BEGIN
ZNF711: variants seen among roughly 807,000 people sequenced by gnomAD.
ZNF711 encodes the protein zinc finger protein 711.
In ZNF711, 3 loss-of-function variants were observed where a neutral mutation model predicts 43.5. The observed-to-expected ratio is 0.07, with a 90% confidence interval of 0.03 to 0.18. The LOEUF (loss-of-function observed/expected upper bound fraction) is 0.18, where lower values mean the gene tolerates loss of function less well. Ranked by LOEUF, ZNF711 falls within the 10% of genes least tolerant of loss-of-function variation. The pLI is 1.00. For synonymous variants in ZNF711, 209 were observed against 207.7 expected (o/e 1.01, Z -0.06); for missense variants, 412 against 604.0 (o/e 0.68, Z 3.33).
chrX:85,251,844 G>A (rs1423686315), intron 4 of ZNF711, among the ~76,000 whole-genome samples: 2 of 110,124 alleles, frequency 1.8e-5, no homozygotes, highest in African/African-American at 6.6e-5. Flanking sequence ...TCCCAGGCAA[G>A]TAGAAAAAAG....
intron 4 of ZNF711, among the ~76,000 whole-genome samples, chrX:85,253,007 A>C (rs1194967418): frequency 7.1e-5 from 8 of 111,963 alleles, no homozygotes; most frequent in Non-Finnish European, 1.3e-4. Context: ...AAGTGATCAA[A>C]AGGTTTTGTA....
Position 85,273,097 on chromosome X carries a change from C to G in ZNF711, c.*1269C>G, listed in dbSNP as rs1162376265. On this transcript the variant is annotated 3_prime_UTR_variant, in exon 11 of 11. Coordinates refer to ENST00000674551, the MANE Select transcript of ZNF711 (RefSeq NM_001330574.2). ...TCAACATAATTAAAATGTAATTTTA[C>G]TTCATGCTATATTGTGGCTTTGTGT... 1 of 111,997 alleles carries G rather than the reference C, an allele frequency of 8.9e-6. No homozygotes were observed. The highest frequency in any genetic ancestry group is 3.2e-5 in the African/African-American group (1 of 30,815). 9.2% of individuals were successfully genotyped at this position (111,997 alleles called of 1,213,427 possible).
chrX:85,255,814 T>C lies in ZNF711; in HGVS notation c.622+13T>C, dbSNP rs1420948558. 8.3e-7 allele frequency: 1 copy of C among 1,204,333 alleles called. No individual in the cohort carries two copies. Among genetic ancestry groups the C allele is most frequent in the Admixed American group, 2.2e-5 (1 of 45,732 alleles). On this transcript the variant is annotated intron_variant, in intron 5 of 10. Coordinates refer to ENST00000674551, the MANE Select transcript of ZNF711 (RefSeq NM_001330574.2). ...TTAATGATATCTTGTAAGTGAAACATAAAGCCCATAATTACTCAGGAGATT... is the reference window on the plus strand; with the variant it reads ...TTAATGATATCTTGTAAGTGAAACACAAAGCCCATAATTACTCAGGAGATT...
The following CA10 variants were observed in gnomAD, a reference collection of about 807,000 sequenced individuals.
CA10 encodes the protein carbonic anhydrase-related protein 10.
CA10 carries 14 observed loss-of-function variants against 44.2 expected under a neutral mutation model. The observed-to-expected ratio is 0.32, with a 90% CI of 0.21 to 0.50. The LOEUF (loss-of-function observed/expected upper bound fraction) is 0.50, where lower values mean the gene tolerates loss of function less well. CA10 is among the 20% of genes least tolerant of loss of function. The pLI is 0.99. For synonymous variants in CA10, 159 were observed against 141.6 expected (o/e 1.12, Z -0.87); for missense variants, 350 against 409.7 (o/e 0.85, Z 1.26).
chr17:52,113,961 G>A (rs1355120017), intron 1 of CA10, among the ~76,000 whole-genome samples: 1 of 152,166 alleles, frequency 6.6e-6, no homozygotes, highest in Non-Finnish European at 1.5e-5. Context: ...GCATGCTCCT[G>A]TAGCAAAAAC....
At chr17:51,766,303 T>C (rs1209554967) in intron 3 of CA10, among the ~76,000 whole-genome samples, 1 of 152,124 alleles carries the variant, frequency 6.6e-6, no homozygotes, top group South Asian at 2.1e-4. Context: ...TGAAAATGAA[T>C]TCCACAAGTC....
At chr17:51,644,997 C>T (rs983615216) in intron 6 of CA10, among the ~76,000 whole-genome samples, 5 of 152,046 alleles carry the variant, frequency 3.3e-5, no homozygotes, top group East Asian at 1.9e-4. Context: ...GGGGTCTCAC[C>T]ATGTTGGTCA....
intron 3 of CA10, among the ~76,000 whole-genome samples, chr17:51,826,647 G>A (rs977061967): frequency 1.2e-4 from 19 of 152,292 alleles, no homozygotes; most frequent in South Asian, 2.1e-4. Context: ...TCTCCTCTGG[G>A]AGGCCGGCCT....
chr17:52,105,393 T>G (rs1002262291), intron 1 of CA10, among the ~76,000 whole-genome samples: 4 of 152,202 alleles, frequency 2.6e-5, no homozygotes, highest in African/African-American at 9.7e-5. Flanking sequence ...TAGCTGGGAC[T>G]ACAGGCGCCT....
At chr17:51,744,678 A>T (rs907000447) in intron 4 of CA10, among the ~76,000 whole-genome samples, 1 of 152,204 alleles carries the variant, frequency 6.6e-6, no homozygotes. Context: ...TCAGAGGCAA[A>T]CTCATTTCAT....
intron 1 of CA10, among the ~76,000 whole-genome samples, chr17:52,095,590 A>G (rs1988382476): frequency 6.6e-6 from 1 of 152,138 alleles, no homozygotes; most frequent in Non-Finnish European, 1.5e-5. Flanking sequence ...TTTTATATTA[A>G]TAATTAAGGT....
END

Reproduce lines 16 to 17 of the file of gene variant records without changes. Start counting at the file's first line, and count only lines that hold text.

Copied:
At chr17:51,744,678 A>T (rs907000447) in intron 4 of CA10, among the ~76,000 whole-genome samples, 1 of 152,204 alleles carries the variant, frequency 6.6e-6, no homozygotes. Context: ...TCAGAGGCAA[A>T]CTCATTTCAT....
intron 1 of CA10, among the ~76,000 whole-genome samples, chr17:52,095,590 A>G (rs1988382476): frequency 6.6e-6 from 1 of 152,138 alleles, no homozygotes; most frequent in Non-Finnish European, 1.5e-5. Flanking sequence ...TTTTATATTA[A>G]TAATTAAGGT....